Tuesday, March 17, 2020

Cane retention...

The first knot work that I added to this cane included a gaucho interweave knot and single strand star knot with an adjustable wrist loop, all done with a single continuous strand of paracord.

But, after I later started adding more knots to the cane I cut off the wrist loop section from the first knot and have regretted doing that since.

So, I found a scrap length of paracord in my gadget drawer and tied a Spanish ring knot, extending one of the bights to serve as a wrist lanyard.

I use my cane almost every time I leave the house nowadays, and having a wrist loop for retention lets me let go of the cane if I need to for a moment without dropping it or having to set it down.

And it's done in camo green colored paracord, for today is St. Patrick's Day!  ;)

Sunday, October 20, 2019

A herringbone knot pocket knife fob

I took a try at tying a herringbone knot paracord fob this afternoon.

The camo green colored paracord is harder for me to see (seems brighter in the photos), but I think I still managed to get the knot tied halfway decently, opening up the curtains to get more light on the cord as I worked with it.

Knot shown attached to a Victorinox Climber SAK (Swiss Army Knife).

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Saturday, October 05, 2019

What's in its pocketses?

 EDC pocket dump for today.

* Victorinox Climber SAK
* Gerber Mullet multitool
* XTAR Venus flashlight
JerzeeDevil forums challenge coin
* Paracord lanyard with titanium bead

In a recent mail delivery:  a couple of hanks of paracord, the Gerber Mullet keychain multitool, some P-38 can openers, and the used Victorinox Climber SAK from ebay (spent my birthday money that showed up early this year, Oct 3rd).

I'll make some lanyards/key fobs/zipper pulls to go with the P-38 can openers before I donate them to be handed out with canned goods from the church food pantry/homeless ministry, or to the local Veterans Support Group which got the last batch that I put together.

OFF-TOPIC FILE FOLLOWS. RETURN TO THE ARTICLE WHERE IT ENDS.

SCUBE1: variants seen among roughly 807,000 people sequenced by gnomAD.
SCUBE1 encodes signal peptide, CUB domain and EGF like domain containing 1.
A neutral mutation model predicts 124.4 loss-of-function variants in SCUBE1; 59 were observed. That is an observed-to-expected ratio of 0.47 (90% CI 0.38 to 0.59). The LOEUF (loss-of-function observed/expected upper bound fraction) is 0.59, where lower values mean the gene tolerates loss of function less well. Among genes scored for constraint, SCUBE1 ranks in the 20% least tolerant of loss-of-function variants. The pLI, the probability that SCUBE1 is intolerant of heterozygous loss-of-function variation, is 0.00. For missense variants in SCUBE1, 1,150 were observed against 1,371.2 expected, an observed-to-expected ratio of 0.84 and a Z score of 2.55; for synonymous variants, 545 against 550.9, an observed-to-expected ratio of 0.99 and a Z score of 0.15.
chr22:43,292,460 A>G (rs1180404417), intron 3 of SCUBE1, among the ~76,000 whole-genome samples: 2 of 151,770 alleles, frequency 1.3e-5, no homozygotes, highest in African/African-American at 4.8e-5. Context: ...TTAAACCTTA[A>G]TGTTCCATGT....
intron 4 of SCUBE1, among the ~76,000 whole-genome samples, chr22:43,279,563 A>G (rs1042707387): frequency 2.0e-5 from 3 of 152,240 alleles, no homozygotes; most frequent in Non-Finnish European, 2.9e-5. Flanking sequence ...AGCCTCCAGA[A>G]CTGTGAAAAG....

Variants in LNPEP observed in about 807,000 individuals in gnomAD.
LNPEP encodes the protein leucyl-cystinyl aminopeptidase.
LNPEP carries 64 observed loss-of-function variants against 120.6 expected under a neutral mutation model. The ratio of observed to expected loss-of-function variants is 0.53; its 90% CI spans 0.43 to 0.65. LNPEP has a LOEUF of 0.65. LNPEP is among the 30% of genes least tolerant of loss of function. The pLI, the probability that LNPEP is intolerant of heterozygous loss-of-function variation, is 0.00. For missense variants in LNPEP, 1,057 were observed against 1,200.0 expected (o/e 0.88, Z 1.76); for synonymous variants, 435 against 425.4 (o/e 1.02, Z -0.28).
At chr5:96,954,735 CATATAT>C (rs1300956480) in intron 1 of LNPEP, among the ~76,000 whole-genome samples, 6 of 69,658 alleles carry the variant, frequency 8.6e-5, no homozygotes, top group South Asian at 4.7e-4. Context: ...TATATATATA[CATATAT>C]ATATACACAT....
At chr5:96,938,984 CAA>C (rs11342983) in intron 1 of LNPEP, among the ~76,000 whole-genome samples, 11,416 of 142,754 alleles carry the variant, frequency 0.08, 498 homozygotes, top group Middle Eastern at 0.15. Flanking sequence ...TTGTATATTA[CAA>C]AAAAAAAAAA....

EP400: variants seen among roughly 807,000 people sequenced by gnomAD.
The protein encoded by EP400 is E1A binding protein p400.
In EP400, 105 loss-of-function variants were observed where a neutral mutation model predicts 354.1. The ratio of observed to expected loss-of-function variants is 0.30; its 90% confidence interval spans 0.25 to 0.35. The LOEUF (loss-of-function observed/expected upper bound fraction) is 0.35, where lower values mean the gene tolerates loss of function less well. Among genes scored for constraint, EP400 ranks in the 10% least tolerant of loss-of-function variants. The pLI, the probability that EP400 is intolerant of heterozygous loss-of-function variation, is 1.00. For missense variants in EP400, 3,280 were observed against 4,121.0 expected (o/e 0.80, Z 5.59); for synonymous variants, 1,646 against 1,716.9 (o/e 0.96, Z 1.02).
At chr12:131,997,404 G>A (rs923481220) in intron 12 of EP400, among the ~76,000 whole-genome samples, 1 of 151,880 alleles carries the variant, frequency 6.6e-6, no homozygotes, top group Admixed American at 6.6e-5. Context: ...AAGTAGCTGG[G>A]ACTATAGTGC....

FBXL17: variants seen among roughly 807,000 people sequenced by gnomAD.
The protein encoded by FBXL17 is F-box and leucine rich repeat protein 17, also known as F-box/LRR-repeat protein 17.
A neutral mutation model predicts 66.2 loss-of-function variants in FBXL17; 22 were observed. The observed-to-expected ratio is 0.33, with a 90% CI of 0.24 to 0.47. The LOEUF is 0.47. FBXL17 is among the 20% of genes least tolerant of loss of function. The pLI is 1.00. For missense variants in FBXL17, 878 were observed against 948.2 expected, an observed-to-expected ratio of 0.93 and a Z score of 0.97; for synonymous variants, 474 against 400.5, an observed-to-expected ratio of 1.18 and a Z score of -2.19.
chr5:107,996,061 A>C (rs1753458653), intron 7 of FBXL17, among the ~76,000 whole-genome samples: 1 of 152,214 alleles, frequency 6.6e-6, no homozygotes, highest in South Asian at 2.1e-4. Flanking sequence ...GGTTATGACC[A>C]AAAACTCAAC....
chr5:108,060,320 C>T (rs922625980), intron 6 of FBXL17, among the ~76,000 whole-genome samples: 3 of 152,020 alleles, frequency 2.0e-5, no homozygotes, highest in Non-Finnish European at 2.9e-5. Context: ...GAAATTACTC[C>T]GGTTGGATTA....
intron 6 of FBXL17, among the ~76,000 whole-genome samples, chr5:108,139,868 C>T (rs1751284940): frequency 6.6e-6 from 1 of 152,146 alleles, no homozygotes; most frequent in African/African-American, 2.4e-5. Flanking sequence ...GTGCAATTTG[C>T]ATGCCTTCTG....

Friday, September 20, 2019

Raising Cane...

The Jig Pro Shop sent me a couple of their Easy Assist Former Mandrels to test out back at the start of summer.  These are new Turk's head knot tying tools that don't require the user to have a lot of the knowledge of the ins and outs, overs and unders and rules with tying such puzzles of knot work, and be able to make some knots in different sizes.  I'm sure many would find tying them addictive and would want to learn more about the possibilities of where can they tie another one around something.

I'd not done much tying for a long spell with losing a consideral bit of my eyesight (legally blind), so they had just been sitting sat the back of my desk.
I tried tying a couple of smaller Turk's head knots on the mandrels, with paracord, after watching a YouTube video demonstrating their use.  They didn't arrive with any instructions, but they weren't hard for me to figure 'em out.

I wanted to challenge myself with the larger knot (a doubled 17 lead 5 bight knot, I think) and dark colored paracord, which is particularly difficult for me to see now.  It did take me a few attempts to get it right, at least I think it looks presentable on my walking cane, and there's plenty of room to add more.

I started with a much too long length of about 25 feet of black paracord (over guesstimating).  Tying the doubled knot on the mandrel only used around 15 feet, where I then removed it and slid it onto the cane for tightening and working the slack out.  I did use a bit of xtreme tape on the cane, before I started,  to keep the tightened paracord knot work from sliding/slipping on the slick cane surface when I was done.

Total time invested was a bunch of hours, although that includes having to untie and start over because of mistakes and errors that I was able to catch myself making.  Lots of talking to myself and trying to have patience, seeing the cord blurred and distorted while holding the work less than a foot away from my face...

The olive drab paracord gaucho and single strand star knots were tied on the cane years ago.

Tuesday, September 17, 2019

A two-strand four bight gaucho knot

I tied a longer loop paracord lanyard version of a two-strand four bight gaucho knot yesterday, and today tried tying another with a shorter loop directly to a pocket knife through the lanyard hole.

There's a video tutorial, by the Paracord Guild, that's easy to follow for tying this knot.

Being 'legally blind' doesn't mean you have to stop tangling up some cord. :)

Wednesday, September 11, 2019

Double Dragon Loop

The Double Dragon Loop is a fixed loop tied at the end of a string/cord/rope.  As an example I've tied a couple with attachments at the ends of a paracord lanyard.

I also tried doing a short 'howto' video tutorial on tying the loop.  As with the photos I take, I had to do multiple takes because I'm 'legally blind', and went with the one that looked the most usable to me.  :)

~ Victorinox Spartan SAK
~ Sanrenmu Urban Key Tool
~ EDC Gate Clip